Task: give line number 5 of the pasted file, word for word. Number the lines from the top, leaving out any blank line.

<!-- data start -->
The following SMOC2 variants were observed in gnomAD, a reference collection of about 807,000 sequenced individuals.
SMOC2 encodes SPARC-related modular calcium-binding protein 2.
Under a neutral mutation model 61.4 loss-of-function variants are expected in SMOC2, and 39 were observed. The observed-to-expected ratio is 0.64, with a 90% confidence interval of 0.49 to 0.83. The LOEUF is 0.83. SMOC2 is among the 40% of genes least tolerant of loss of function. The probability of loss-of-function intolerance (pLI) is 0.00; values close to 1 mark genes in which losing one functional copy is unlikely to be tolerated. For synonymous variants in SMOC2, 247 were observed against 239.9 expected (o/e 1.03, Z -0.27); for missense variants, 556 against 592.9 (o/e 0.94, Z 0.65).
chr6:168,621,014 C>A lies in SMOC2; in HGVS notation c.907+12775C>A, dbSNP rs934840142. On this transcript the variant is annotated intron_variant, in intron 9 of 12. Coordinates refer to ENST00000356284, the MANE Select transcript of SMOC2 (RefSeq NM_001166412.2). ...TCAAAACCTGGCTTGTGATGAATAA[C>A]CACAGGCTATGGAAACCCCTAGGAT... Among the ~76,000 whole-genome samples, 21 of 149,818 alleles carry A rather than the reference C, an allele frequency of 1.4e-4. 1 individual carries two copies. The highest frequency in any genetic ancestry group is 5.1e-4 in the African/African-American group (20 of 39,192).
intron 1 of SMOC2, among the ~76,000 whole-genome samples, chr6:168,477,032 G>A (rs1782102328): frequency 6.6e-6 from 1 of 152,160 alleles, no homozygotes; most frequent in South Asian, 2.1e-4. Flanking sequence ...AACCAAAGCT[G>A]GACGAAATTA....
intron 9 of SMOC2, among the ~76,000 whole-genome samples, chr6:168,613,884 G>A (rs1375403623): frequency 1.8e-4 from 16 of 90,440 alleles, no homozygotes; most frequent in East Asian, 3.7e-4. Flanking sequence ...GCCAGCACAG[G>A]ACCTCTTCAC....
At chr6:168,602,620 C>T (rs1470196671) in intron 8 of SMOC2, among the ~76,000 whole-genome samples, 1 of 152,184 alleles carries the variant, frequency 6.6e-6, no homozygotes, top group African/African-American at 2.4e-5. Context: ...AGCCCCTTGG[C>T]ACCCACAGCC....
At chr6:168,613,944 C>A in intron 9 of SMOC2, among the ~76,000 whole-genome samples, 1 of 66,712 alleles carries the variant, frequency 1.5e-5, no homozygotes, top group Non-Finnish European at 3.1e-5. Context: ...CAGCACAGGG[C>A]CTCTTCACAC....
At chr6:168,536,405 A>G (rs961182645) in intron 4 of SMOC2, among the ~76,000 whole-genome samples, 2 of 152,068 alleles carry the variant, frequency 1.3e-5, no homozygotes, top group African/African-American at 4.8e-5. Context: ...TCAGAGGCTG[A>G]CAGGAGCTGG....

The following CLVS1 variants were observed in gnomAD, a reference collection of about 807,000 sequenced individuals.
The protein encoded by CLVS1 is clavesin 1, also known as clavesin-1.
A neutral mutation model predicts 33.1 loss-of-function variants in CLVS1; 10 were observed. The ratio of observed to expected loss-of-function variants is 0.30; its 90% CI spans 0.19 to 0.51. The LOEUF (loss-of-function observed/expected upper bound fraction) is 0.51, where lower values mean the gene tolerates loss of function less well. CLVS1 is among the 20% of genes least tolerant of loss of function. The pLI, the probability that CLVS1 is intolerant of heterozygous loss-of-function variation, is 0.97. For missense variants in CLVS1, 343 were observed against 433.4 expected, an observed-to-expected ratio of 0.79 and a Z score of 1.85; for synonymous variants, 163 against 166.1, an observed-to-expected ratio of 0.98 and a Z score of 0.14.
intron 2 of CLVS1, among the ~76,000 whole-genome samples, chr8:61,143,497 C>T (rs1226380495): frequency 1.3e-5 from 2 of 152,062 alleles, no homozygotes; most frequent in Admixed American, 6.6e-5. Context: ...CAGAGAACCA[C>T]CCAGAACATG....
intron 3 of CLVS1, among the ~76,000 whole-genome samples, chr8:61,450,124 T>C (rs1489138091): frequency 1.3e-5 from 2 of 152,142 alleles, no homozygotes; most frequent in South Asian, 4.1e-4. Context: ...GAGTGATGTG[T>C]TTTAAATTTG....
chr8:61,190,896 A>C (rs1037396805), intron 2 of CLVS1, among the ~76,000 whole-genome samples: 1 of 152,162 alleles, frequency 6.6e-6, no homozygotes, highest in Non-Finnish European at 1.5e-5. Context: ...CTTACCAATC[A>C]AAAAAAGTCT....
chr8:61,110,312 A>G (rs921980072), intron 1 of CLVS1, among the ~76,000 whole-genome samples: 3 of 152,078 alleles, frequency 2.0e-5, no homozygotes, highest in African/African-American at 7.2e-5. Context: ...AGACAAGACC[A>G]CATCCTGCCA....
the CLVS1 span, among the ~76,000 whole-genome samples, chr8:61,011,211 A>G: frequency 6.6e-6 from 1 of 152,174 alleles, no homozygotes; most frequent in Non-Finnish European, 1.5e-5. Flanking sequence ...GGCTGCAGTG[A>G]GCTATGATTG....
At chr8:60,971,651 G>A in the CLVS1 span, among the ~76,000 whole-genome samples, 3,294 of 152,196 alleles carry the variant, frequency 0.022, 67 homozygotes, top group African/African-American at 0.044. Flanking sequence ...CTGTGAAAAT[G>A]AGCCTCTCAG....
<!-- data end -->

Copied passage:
intron 1 of SMOC2, among the ~76,000 whole-genome samples, chr6:168,477,032 G>A (rs1782102328): frequency 6.6e-6 from 1 of 152,160 alleles, no homozygotes; most frequent in South Asian, 2.1e-4. Flanking sequence ...AACCAAAGCT[G>A]GACGAAATTA....